Elderhaven Men Reflect on Race Relations, Prejudice on Inauguration Eve

Bruce Kravitz is  the Community Education Director at AGE.  In addition to helping caregivers find resources and information in the Caregiver Resource Center, each Monday and Friday,  he facilitates meetings for men who attend Elderhaven of Travis County, our Adult Day Program.  During the hour long sessions, they have serious as well as humorous discussions about aging, romance, health, politics, religion, sports, and whatever strikes their fancy that day.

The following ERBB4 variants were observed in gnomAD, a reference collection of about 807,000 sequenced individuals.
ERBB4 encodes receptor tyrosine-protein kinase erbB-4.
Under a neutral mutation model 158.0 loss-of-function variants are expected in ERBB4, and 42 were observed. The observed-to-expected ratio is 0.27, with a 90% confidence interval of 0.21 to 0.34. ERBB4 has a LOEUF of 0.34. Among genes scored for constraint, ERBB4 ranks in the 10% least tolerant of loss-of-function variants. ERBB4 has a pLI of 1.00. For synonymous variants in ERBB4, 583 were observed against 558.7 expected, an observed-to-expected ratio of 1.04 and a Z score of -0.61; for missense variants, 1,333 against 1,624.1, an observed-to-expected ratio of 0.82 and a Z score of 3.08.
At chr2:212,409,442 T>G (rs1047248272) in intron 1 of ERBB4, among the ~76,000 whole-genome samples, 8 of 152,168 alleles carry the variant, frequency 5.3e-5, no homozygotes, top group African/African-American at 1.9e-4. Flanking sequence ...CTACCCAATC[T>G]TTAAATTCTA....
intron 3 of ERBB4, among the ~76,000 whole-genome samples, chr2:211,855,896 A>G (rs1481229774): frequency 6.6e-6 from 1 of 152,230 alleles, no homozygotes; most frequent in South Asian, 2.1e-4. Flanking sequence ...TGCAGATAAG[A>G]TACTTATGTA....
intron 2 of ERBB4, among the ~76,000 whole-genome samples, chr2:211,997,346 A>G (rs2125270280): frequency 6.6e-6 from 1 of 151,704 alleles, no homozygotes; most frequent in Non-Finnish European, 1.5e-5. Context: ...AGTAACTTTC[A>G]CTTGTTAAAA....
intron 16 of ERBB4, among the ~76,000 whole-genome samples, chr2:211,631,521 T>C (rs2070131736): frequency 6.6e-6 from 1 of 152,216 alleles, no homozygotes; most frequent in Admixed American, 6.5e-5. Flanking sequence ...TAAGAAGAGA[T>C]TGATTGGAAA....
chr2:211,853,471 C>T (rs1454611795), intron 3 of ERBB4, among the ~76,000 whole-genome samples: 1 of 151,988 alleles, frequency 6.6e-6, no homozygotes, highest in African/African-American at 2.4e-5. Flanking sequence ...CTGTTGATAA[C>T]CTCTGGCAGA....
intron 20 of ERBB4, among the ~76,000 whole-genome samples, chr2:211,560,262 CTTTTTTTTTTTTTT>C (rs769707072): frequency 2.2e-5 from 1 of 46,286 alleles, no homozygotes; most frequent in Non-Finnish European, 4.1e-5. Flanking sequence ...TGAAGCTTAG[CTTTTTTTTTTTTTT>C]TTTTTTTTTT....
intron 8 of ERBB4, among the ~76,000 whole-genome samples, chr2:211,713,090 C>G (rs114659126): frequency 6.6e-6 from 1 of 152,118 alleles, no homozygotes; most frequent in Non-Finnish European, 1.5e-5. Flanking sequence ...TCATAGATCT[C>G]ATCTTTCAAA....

In today’s meeting of the men of Elderhaven Adult Day Program, we discussed racism and how it has affected them personally over the years.  Our Latino and African-American men told first-hand stories of how they personally experienced direct discrimination in being denied jobs, promotions, or were given the most difficult or mind-numbing tasks to perform.   They had to sit at the back of the bus, sometimes were denied service in restaurants, or weren’t allowed to stay at certain hotels.   Dating somebody in a different race was not allowed, or at least wasn’t worth the risk of almost certain harassment.  Most of these incidents happened long ago and most of the men agreed that the situation these days in the United States has improved greatly for minorities and people of color.  However, a majority of the men of color in our group still believes that discrimination exists today, but that it has become less obvious and usually occurs in isolated, low-profile incidents.  The Caucasian men in the group had seen discrimination become less obvious over the years and did agree that it probably still existed.   However, they were quick to point out that we now have an African-American President as our leader and that was solid proof of how long we’ve come as a culture towards allowing anybody to ascend to positions of power.  Throughout the meeting, the discussions were polite and the men seemed especially willing to allow others to finish speaking before sharing their feelings.  However, there were a few times of silence when somebody finished recounting a particularly painful incident.  Near the end of the meeting, friendships between the men were still solid but I could tell that the issue of racism was still a touchy and sometimes, uncomfortable, subject.  We finished the day’s discussion talking about sports, a much lighter subject.

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